APR 18, 2018 5:56 AM PDT

Can mapping the river save the Mississippi?

Imagine a model twice the size of a basketball court, filled with twists and turns and peaks and valleys. The size of it makes it hard to believe its classification as just a model, but indeed, this ginormous replica must cover such a large space because it represents the second-longest river in the United States: the Mississippi.

A view of the Mississippi River delta. Photo: Restore the Mississippi River Delta

So, what rendered such a project necessary? Recent concerns about the Mississippi delta and coastal erosion have been on the minds of Louisiana State University scientists. Following representative Rudy Simoneaux from Louisiana’s coastal protection and restoration authority, Louisiana has lost roughly 2,000 square miles of coastline since the 1930s. As a result of this, there are various efforts to restore the coast. And in an attempt to accurately predict how coastal restoration measures will impact tributaries, marshlands, and wetlands along the river’s length, LSU’s Center for River Studies came up with the idea of the $4 million, 10,800 square-foot “Lower Mississippi River Physical Model.”

LSU's model of the Mississippi delta. Photo: WWNO

 

“What you do in one place has an impact on another,” said leader of the project Professor Clint Willson, “and so the idea of looking at larger-scale impacts or larger-scale processes is critical to looking at what the potential impacts are or the unintended consequences of projects, and so a model of this scale allows you to do that.”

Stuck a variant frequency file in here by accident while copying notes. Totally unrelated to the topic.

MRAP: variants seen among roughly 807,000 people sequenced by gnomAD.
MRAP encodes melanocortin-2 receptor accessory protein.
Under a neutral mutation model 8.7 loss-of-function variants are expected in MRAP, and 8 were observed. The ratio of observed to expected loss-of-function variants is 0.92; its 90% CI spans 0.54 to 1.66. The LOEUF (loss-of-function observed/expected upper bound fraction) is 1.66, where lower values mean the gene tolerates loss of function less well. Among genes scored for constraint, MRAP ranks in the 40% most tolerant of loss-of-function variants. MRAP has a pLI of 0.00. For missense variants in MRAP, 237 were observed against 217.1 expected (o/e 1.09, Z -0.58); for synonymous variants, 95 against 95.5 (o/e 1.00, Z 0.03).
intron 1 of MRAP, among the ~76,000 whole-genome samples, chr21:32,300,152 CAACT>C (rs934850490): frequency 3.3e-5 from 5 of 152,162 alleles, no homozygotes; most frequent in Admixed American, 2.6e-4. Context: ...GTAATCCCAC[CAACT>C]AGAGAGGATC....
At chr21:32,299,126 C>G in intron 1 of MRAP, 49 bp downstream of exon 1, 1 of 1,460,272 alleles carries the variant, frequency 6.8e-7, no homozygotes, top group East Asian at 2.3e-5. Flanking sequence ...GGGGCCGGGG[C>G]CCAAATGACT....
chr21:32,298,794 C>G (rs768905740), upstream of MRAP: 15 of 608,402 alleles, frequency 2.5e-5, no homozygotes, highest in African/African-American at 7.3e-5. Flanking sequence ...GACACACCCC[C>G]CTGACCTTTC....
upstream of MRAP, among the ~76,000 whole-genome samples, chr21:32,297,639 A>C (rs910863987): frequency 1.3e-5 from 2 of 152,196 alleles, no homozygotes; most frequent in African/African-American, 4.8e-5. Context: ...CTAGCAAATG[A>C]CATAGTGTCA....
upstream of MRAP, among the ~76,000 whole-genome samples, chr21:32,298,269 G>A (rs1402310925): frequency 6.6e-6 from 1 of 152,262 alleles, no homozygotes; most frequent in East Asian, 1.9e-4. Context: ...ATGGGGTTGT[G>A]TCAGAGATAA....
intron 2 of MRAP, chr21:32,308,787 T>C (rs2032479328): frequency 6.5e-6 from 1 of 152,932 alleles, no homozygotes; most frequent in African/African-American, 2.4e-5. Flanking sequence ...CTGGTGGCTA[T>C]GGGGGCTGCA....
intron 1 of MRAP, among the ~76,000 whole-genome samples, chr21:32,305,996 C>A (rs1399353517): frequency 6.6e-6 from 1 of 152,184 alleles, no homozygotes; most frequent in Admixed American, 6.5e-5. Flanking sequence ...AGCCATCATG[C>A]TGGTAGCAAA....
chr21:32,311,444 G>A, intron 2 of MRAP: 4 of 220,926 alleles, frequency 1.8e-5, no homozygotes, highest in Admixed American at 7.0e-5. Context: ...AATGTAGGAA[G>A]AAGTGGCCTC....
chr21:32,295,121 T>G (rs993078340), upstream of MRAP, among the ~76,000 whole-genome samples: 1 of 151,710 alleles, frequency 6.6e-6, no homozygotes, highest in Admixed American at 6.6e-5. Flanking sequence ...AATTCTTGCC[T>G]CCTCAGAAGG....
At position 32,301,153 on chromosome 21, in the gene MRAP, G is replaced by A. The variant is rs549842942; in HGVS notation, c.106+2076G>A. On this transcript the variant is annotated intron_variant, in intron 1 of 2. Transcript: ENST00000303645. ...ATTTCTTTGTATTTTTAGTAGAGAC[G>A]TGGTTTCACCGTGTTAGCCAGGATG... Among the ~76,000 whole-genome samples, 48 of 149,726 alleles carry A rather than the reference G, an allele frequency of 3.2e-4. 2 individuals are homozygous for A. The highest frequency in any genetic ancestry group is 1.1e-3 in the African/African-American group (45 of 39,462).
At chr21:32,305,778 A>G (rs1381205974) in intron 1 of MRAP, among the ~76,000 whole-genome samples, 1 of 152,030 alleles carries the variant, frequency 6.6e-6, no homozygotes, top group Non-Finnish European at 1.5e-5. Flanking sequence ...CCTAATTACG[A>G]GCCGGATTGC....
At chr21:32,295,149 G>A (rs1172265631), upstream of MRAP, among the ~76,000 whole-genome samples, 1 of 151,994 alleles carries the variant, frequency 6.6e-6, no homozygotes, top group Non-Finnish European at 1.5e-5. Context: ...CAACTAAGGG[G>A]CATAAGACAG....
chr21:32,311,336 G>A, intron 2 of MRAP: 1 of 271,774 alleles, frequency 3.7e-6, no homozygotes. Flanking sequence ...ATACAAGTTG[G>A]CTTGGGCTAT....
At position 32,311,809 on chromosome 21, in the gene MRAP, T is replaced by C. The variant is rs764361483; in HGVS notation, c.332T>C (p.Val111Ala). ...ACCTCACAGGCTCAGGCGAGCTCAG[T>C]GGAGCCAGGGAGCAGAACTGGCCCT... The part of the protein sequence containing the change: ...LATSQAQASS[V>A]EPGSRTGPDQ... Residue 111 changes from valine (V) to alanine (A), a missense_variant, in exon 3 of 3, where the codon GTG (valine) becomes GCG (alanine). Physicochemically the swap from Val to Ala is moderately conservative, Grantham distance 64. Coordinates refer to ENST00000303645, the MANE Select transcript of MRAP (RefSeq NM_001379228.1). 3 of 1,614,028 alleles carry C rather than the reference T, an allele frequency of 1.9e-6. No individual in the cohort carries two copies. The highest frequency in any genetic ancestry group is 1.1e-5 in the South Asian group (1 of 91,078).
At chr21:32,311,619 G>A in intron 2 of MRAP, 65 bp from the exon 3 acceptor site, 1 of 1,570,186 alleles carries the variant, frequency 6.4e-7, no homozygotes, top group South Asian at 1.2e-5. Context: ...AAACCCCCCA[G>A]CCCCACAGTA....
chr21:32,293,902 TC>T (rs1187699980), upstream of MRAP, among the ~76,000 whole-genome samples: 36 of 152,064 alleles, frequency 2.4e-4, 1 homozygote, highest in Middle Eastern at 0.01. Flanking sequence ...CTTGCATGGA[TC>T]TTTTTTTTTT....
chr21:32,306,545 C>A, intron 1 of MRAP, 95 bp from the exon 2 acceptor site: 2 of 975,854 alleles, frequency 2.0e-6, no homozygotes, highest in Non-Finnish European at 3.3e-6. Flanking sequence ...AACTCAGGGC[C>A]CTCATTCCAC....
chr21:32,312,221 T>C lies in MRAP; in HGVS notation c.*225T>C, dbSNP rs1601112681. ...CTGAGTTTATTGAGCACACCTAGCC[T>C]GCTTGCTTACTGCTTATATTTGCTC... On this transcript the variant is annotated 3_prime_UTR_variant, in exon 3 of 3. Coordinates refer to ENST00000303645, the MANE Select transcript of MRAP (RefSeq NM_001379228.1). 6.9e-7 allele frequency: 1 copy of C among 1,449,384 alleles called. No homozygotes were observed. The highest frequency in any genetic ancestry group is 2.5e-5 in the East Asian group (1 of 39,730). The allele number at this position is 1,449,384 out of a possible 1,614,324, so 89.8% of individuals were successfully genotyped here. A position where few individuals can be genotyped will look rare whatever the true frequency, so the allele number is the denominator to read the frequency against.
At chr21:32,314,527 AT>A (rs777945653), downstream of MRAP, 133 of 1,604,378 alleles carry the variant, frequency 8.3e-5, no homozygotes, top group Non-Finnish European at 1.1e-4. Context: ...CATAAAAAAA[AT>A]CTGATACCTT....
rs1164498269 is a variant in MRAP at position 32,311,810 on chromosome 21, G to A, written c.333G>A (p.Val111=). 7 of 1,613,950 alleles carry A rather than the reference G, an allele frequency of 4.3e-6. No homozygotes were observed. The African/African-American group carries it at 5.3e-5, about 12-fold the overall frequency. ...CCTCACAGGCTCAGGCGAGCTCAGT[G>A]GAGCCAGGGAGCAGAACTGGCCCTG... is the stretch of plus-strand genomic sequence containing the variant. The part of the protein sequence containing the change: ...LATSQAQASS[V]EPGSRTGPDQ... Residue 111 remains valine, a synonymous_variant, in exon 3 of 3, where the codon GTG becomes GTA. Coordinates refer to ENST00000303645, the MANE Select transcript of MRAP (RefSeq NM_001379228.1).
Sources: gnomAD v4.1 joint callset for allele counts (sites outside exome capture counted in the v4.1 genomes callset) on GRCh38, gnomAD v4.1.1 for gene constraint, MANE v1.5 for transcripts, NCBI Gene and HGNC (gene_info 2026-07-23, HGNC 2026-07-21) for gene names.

By potential impacts and unintended consequences of projects, Willson is referring to several plans that aim to address the coastal erosion that has increased rapidly around the river delta in recent years due to sea level rise. One such plan, explains The Guardian, proposes “diverting nutrient-rich river water from the Mississippi into marshes and wetlands” with the intention of giving a lifeline to those ecosystems whose equilibrium has been thrown off from the excess of salt water. But before commencing with this plan, scientists want to be sure of the possible outcomes. That’s where the replica comes in.

“We can also model or simulate the transport or the movement of the Mississippi river sand down the river, and we can do all that in roughly one hour to replicate one year on the river.” In all, the model hopes to help answer some of the complexities that the Mississippi river system encompasses, such as how diverting a certain part of the river will impact its tributaries, wetlands, or levies.

Sources: The Guardian, NBC Bay Area, WWL

About the Author
BA Environmental Studies
Kathryn is a curious world-traveller interested in the intersection between nature, culture, history, and people. She has worked for environmental education non-profits and is a Spanish/English interpreter.
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